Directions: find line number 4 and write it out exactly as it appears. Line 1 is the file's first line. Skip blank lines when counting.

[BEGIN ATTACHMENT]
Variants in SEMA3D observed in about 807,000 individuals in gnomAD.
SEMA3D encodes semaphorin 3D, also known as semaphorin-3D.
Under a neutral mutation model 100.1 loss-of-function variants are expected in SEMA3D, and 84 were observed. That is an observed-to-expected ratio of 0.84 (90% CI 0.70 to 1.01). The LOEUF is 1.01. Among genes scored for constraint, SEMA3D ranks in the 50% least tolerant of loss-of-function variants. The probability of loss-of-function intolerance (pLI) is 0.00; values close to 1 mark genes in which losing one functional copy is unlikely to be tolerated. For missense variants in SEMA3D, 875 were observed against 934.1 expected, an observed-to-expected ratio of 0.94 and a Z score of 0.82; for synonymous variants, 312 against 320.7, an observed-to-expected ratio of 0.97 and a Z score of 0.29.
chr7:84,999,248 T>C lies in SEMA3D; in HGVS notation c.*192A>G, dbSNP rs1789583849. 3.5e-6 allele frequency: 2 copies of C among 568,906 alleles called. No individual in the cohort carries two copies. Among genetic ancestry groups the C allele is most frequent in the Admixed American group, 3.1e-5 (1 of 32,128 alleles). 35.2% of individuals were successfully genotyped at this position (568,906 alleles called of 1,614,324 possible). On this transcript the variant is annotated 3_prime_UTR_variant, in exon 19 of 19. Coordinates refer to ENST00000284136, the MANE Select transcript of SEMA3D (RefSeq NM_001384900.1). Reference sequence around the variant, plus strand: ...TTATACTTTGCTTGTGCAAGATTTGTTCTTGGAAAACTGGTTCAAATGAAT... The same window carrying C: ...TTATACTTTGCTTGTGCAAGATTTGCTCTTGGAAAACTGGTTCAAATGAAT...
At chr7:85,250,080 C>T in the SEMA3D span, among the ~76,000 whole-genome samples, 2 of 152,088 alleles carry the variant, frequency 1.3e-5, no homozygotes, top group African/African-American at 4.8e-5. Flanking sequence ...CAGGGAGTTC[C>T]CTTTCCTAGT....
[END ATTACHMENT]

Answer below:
chr7:84,999,248 T>C lies in SEMA3D; in HGVS notation c.*192A>G, dbSNP rs1789583849. 3.5e-6 allele frequency: 2 copies of C among 568,906 alleles called. No individual in the cohort carries two copies. Among genetic ancestry groups the C allele is most frequent in the Admixed American group, 3.1e-5 (1 of 32,128 alleles). 35.2% of individuals were successfully genotyped at this position (568,906 alleles called of 1,614,324 possible). On this transcript the variant is annotated 3_prime_UTR_variant, in exon 19 of 19. Coordinates refer to ENST00000284136, the MANE Select transcript of SEMA3D (RefSeq NM_001384900.1). Reference sequence around the variant, plus strand: ...TTATACTTTGCTTGTGCAAGATTTGTTCTTGGAAAACTGGTTCAAATGAAT... The same window carrying C: ...TTATACTTTGCTTGTGCAAGATTTGCTCTTGGAAAACTGGTTCAAATGAAT...